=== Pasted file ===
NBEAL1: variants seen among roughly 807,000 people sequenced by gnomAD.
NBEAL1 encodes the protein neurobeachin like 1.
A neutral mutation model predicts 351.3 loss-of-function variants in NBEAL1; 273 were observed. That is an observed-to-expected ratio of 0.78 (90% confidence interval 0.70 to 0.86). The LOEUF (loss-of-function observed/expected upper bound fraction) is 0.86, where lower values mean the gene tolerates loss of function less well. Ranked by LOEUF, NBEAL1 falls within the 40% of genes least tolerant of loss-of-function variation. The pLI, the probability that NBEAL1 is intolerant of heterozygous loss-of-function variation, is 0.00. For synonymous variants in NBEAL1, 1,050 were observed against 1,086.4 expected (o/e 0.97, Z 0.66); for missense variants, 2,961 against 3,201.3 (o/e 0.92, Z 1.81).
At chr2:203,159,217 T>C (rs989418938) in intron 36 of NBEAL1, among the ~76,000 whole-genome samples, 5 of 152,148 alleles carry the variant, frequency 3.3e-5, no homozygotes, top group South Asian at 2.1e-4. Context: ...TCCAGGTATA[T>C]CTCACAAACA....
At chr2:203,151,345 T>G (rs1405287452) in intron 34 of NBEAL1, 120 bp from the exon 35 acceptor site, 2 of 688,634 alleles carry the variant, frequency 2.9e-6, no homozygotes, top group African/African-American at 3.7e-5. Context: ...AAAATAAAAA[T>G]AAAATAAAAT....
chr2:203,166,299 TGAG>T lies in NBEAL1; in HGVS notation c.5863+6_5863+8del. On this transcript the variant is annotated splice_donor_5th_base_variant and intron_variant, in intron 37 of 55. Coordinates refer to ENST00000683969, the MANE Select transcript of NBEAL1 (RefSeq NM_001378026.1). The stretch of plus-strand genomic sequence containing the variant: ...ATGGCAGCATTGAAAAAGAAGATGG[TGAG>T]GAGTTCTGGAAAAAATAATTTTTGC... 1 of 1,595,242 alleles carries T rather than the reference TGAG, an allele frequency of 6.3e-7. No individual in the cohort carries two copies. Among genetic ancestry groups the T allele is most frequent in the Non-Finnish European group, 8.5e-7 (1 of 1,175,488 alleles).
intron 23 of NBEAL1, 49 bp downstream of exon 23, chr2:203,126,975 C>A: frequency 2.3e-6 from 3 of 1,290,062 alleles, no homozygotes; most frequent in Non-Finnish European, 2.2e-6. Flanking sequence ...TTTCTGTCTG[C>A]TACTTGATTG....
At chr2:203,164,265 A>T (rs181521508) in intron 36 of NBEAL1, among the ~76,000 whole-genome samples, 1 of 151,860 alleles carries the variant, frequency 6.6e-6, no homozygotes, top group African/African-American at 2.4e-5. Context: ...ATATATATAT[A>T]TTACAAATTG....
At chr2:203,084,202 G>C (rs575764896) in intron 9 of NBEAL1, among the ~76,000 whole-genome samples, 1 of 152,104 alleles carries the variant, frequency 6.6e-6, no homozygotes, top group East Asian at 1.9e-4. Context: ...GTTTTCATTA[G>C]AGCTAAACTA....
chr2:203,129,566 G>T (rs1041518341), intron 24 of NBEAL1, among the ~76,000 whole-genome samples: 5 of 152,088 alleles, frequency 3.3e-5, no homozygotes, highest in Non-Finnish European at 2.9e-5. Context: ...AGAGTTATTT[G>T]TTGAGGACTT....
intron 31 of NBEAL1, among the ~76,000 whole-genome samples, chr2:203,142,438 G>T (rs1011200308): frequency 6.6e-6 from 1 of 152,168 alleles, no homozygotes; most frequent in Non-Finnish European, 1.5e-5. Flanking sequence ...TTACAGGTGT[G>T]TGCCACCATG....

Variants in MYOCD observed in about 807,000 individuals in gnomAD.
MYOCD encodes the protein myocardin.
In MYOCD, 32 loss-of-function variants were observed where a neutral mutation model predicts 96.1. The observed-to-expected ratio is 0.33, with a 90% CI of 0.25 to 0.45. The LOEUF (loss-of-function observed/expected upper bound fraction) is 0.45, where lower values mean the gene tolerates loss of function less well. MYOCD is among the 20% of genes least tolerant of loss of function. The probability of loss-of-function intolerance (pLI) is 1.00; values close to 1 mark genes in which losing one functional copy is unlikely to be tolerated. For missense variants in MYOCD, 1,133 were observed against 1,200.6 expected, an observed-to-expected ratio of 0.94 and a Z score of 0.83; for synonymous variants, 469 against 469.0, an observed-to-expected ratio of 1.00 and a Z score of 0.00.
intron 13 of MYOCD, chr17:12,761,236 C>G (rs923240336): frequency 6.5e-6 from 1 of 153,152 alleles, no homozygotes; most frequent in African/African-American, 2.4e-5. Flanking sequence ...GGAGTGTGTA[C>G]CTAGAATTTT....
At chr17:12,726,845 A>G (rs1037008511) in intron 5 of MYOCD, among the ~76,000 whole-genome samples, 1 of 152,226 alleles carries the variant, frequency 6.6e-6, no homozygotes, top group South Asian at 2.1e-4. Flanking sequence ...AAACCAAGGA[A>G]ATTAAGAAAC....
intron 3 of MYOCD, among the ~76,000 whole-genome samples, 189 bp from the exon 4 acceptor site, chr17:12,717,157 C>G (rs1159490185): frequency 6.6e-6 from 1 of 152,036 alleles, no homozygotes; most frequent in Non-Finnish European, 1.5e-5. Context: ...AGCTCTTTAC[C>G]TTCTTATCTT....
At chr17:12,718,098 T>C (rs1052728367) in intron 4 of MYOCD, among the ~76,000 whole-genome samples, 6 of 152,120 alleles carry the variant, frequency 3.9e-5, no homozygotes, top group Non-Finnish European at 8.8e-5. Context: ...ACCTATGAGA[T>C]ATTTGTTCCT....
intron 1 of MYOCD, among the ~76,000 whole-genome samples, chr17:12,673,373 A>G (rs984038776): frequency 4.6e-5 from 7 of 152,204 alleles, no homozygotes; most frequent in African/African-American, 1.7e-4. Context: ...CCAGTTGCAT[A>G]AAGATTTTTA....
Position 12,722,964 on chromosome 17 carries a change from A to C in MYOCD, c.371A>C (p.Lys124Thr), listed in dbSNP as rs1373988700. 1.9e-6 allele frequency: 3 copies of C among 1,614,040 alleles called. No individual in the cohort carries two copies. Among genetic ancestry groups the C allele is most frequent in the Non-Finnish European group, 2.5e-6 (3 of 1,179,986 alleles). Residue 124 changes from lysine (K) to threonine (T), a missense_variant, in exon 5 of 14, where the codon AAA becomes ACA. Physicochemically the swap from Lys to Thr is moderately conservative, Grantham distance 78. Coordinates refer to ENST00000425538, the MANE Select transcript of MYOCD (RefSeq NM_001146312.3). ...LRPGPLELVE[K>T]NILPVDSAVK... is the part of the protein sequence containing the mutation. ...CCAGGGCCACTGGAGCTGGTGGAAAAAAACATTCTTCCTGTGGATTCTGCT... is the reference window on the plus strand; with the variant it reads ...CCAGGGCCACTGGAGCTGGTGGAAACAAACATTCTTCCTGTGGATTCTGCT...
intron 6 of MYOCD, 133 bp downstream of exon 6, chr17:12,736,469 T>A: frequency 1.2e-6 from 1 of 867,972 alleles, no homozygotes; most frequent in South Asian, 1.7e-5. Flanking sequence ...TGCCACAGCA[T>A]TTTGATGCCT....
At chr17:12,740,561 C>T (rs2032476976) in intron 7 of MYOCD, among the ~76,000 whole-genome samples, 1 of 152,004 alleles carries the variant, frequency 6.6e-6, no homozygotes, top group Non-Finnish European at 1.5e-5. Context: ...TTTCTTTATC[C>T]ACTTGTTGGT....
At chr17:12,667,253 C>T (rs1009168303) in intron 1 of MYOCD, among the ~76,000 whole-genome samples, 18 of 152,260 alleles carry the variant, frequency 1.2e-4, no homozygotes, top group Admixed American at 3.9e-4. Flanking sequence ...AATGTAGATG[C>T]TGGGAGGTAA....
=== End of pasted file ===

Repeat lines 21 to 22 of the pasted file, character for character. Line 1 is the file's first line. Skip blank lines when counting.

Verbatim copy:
intron 6 of MYOCD, 133 bp downstream of exon 6, chr17:12,736,469 T>A: frequency 1.2e-6 from 1 of 867,972 alleles, no homozygotes; most frequent in South Asian, 1.7e-5. Flanking sequence ...TGCCACAGCA[T>A]TTTGATGCCT....
At chr17:12,740,561 C>T (rs2032476976) in intron 7 of MYOCD, among the ~76,000 whole-genome samples, 1 of 152,004 alleles carries the variant, frequency 6.6e-6, no homozygotes, top group Non-Finnish European at 1.5e-5. Context: ...TTTCTTTATC[C>T]ACTTGTTGGT....